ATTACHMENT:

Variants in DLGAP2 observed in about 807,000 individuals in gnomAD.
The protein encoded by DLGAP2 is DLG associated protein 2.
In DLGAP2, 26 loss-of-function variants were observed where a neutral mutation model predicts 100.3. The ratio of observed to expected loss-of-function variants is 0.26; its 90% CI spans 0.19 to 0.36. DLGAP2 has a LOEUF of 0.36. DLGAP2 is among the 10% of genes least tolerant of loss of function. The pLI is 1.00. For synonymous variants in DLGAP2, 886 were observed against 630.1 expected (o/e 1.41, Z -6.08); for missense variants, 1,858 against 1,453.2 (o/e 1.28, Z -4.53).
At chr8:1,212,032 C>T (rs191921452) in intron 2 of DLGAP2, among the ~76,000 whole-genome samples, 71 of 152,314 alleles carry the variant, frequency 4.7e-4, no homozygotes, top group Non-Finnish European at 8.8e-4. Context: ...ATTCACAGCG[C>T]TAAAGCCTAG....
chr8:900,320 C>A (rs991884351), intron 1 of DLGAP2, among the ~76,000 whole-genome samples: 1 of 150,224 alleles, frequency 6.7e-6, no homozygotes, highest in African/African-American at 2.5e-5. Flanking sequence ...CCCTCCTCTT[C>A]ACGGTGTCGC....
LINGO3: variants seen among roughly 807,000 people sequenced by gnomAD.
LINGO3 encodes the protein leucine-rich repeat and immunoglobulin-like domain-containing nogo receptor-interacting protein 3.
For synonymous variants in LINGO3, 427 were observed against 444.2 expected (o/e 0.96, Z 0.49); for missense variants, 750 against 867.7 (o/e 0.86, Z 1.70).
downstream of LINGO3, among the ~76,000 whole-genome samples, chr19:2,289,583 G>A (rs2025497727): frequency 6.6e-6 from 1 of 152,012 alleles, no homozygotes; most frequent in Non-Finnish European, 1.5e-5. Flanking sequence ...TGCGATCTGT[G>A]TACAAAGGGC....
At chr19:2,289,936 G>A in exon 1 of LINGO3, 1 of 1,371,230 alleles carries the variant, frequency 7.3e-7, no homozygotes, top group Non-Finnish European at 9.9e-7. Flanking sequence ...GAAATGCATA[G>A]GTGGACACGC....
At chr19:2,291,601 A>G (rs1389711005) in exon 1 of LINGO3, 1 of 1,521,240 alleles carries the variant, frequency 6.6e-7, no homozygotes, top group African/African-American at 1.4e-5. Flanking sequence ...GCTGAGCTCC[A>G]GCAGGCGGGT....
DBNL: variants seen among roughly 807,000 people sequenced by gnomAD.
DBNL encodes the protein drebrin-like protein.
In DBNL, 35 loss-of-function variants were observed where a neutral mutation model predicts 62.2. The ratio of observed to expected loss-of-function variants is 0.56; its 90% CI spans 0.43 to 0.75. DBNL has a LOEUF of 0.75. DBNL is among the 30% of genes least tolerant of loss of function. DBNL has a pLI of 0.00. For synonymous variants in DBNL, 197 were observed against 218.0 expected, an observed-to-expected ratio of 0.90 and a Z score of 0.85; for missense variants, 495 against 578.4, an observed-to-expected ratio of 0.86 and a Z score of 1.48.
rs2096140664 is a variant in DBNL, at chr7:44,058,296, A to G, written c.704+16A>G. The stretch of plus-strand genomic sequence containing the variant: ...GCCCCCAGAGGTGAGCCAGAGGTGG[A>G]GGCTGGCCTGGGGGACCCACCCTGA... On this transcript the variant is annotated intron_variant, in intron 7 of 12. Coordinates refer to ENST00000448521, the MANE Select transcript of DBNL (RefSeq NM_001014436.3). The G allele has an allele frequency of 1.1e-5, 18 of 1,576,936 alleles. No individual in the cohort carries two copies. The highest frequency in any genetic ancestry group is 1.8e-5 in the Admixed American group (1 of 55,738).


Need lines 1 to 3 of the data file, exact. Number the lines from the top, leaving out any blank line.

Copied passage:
Variants in DLGAP2 observed in about 807,000 individuals in gnomAD.
The protein encoded by DLGAP2 is DLG associated protein 2.
In DLGAP2, 26 loss-of-function variants were observed where a neutral mutation model predicts 100.3. The ratio of observed to expected loss-of-function variants is 0.26; its 90% CI spans 0.19 to 0.36. DLGAP2 has a LOEUF of 0.36. DLGAP2 is among the 10% of genes least tolerant of loss of function. The pLI is 1.00. For synonymous variants in DLGAP2, 886 were observed against 630.1 expected (o/e 1.41, Z -6.08); for missense variants, 1,858 against 1,453.2 (o/e 1.28, Z -4.53).